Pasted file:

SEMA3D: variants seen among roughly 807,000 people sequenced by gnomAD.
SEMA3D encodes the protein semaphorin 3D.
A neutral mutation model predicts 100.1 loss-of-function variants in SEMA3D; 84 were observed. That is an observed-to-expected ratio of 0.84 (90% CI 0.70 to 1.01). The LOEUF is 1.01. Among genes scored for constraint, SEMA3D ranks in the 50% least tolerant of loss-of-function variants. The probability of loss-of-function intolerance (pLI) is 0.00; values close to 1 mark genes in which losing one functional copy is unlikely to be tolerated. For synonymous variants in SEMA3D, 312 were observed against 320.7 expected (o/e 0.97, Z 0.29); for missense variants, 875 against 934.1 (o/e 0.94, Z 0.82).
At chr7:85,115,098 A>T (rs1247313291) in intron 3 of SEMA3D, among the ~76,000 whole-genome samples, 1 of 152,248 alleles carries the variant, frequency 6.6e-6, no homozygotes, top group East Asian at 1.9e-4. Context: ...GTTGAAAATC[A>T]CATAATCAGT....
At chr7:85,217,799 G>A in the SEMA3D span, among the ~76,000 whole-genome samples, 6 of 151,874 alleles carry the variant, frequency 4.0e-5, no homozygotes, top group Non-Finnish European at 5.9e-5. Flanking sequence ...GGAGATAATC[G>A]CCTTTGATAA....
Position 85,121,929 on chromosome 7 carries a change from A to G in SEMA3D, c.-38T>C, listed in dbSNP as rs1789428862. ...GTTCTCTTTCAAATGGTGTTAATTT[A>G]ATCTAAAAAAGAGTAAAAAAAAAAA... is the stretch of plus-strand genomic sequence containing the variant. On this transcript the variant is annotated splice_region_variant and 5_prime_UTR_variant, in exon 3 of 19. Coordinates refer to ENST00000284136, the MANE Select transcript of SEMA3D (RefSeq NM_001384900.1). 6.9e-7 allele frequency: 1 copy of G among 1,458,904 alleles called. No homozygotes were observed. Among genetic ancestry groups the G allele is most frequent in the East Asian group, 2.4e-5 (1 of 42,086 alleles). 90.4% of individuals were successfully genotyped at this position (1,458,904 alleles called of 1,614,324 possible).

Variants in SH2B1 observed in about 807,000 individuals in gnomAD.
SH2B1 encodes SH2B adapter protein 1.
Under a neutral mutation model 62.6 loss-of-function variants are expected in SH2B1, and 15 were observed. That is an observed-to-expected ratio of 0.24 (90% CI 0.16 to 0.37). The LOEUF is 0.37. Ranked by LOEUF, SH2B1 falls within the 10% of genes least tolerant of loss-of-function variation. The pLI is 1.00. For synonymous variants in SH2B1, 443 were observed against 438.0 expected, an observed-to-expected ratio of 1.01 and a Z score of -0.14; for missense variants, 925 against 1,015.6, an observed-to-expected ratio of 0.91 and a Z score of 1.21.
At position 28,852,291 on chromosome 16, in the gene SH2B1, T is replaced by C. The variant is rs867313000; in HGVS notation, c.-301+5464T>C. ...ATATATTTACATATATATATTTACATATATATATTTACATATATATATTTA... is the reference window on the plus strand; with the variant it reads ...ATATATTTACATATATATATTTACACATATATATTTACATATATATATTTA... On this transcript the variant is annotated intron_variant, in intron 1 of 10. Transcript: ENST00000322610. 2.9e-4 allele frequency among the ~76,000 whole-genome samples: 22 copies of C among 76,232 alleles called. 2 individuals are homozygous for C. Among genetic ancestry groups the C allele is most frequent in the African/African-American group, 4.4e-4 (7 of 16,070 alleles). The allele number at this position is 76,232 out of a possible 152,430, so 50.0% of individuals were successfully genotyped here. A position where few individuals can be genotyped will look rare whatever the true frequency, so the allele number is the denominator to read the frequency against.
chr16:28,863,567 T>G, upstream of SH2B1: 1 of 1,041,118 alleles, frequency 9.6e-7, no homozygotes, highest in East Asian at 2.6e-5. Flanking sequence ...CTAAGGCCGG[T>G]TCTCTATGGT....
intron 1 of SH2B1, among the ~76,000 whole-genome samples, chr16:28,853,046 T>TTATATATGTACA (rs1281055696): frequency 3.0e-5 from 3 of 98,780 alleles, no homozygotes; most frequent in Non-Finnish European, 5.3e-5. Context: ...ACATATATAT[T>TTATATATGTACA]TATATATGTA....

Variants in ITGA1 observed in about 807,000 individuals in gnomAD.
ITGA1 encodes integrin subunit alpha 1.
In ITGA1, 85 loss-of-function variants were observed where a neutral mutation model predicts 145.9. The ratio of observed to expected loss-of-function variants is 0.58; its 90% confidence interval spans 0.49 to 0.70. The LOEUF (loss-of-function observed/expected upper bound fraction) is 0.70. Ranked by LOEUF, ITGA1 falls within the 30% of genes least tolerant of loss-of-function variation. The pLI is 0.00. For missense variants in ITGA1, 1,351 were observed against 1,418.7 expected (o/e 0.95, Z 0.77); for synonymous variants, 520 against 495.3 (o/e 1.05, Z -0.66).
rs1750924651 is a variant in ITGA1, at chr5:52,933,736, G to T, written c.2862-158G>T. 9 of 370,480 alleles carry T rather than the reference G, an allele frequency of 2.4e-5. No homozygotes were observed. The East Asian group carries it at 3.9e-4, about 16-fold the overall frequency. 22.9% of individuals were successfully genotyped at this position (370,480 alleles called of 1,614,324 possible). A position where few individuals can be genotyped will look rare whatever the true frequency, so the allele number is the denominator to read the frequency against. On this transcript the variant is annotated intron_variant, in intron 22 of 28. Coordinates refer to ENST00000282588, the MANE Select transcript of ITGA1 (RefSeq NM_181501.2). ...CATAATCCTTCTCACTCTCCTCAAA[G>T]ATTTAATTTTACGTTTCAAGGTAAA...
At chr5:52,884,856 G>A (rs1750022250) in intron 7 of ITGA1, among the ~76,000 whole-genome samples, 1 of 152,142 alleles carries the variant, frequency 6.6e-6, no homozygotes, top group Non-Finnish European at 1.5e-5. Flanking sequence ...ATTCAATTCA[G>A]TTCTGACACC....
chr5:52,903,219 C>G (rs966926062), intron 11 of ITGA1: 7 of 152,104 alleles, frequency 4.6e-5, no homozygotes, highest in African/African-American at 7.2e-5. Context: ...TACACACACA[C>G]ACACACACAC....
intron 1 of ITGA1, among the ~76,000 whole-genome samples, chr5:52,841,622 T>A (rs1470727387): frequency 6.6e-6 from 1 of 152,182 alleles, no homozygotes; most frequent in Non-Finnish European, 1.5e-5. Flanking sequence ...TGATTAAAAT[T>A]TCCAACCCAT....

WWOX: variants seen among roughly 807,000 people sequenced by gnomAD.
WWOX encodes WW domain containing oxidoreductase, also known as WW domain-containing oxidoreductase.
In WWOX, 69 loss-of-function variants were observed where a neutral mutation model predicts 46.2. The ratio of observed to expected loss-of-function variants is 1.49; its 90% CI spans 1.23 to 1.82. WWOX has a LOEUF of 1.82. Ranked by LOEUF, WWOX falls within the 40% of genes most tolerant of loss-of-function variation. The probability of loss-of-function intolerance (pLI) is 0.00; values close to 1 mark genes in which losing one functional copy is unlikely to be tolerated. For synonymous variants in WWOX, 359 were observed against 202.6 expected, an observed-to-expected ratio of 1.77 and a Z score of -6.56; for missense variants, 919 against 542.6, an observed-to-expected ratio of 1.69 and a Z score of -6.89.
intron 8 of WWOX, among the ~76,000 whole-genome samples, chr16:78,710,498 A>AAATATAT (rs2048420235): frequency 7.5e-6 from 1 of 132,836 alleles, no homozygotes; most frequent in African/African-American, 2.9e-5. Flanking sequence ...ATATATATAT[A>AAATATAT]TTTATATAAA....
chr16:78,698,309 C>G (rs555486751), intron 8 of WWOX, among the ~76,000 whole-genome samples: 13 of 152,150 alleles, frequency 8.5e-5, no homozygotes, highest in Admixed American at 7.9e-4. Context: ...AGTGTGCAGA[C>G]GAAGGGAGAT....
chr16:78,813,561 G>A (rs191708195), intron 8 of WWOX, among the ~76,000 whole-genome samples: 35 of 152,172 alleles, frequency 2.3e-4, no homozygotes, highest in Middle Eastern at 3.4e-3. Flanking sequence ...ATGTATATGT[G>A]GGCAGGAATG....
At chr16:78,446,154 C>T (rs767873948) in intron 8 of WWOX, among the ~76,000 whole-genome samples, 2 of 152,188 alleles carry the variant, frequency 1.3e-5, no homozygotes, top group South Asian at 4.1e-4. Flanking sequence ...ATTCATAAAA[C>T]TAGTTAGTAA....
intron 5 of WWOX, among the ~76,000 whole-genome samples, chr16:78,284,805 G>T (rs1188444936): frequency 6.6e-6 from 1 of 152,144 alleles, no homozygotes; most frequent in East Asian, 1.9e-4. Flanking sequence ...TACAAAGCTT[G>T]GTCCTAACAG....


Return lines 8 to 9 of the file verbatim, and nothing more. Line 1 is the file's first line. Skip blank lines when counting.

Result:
SH2B1 encodes SH2B adapter protein 1.
Under a neutral mutation model 62.6 loss-of-function variants are expected in SH2B1, and 15 were observed. That is an observed-to-expected ratio of 0.24 (90% CI 0.16 to 0.37). The LOEUF is 0.37. Ranked by LOEUF, SH2B1 falls within the 10% of genes least tolerant of loss-of-function variation. The pLI is 1.00. For synonymous variants in SH2B1, 443 were observed against 438.0 expected, an observed-to-expected ratio of 1.01 and a Z score of -0.14; for missense variants, 925 against 1,015.6, an observed-to-expected ratio of 0.91 and a Z score of 1.21.